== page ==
The Duty of Delight
The Diaries of Dorothy Day
Edited by Robert Ellsberg
Marquette University Press, $42, 700 pp.
In 1846, Søren Kierkegaard wrote, “All religiousness is rooted in being moved, in being shaken, in qualitative pressure on the springs of subjectivity.” Kierkegaard’s observation seems relevant to these diaries of Dorothy Day, most of them previously unpublished, because they offer deeper access to the subjective wellsprings of Day’s compelling religious life.
Day has become ever more widely known to the general public for her founding (with Peter Maurin) of the Catholic Worker movement in 1933, her lifelong commitment to social justice and the poor, and her unwavering pacifism. For many Catholics and others familiar with her life and work, Dorothy Day is also a major religious figure, a source of fascination, inspiration, and sometimes awe. The inevitable quote from David O’Brien’s Commonweal obituary in 1980 still holds: she remains “the most significant, interesting, and influential person in the history of American Catholicism.”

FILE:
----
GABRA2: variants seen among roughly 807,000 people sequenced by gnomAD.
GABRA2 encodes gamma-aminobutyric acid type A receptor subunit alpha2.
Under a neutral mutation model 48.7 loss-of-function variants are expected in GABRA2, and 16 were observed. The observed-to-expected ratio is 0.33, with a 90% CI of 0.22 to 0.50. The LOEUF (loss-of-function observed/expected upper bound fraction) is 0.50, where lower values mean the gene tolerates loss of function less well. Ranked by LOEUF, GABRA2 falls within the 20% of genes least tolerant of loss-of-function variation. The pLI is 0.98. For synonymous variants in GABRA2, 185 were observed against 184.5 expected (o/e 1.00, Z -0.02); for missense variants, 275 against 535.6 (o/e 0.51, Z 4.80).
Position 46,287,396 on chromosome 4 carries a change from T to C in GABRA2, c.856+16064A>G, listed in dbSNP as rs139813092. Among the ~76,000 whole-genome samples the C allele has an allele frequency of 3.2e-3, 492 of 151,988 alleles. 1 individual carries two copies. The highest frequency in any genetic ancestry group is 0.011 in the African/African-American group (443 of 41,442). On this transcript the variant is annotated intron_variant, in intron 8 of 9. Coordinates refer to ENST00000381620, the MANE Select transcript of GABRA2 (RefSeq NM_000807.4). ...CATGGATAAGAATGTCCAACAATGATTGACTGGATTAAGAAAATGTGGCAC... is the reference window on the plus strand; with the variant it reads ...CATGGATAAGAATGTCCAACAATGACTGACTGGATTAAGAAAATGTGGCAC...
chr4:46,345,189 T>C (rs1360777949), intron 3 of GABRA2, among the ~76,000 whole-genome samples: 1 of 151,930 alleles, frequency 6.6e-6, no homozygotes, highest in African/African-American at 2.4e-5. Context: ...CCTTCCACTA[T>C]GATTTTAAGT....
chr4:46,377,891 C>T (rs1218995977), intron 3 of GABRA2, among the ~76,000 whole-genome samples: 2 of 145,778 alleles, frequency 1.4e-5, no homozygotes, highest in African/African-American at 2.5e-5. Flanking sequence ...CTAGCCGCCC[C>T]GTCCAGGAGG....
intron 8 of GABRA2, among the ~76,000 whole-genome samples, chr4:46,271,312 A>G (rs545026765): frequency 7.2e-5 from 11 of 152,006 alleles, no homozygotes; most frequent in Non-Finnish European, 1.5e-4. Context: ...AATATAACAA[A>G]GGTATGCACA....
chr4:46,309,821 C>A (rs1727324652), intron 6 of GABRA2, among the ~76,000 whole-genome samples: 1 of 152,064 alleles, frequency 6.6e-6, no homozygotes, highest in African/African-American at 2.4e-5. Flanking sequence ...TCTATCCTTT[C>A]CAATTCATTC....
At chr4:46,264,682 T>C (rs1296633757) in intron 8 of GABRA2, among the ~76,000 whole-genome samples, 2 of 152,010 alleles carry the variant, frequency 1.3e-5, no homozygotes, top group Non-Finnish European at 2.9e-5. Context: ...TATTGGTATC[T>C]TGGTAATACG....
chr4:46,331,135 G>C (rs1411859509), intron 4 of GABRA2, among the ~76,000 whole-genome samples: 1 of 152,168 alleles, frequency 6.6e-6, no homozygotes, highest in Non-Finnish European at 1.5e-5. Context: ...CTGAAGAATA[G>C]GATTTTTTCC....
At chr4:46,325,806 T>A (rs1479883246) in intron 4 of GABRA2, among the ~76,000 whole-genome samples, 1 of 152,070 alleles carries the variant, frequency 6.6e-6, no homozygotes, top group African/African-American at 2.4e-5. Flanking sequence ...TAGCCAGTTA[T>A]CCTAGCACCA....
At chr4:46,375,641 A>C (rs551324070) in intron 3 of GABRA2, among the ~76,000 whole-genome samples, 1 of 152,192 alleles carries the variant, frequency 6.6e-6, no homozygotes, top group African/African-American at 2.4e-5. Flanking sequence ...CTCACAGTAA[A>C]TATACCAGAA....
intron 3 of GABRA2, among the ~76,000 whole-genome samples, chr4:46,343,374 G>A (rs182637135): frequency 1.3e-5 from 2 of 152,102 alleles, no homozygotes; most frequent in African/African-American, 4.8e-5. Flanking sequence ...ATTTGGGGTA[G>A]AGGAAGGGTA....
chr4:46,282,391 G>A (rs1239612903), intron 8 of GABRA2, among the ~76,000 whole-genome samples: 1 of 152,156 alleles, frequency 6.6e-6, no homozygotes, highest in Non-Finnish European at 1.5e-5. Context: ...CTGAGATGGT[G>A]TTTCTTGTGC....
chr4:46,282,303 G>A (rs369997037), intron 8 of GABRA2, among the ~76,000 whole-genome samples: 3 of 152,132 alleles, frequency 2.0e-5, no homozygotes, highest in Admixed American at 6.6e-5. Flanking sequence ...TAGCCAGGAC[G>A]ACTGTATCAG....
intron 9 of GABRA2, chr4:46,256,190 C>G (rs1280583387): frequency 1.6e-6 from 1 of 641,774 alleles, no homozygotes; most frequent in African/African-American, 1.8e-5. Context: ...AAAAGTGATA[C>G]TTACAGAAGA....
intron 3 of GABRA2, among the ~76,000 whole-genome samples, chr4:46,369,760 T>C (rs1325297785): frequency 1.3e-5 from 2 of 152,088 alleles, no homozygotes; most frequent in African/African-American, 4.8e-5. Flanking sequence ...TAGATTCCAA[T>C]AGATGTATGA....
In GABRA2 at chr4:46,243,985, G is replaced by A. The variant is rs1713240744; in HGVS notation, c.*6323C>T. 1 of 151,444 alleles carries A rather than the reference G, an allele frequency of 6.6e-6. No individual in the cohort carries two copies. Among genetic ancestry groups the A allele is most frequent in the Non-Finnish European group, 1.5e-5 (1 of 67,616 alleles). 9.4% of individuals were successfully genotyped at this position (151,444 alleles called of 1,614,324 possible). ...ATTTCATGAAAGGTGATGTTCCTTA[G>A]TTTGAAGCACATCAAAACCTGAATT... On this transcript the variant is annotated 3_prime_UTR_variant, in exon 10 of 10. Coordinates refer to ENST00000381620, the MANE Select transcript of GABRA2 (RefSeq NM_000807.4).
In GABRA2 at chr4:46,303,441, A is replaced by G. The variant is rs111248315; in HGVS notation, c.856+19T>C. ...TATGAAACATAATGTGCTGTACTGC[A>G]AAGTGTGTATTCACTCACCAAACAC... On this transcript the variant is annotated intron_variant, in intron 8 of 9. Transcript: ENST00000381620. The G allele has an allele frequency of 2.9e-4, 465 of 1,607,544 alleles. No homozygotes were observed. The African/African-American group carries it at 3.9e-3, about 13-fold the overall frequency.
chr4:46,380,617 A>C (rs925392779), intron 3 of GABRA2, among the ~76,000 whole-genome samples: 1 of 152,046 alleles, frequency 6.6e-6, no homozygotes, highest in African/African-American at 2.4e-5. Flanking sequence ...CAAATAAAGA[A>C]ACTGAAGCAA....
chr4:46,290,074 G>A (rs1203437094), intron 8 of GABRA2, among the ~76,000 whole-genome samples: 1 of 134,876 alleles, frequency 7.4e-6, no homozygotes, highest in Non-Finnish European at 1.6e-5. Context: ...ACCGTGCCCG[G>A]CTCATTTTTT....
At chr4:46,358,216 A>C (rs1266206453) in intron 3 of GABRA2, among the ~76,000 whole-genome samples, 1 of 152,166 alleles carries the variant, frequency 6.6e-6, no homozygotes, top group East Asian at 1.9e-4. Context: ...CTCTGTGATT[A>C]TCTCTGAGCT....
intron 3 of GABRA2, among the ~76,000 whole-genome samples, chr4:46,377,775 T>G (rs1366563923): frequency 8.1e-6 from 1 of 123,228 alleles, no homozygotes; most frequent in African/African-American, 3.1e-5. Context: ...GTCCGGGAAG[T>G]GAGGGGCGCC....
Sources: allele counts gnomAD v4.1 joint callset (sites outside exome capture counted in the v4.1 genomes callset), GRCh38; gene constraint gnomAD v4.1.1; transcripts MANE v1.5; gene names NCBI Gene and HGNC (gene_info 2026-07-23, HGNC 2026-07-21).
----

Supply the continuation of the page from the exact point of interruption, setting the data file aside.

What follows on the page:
This volume will do nothing to alter or diminish that judgment, and it may well reinforce it, offering as it does fuller access to her most personal thoughts and reflections. True, no one who has read much of Dorothy Day’s published writing, whether her autobiography The Long Loneliness or her Catholic Worker columns and editorials, will be terribly surprised by the spirit and tone of these diary entries, nor by some of their basic...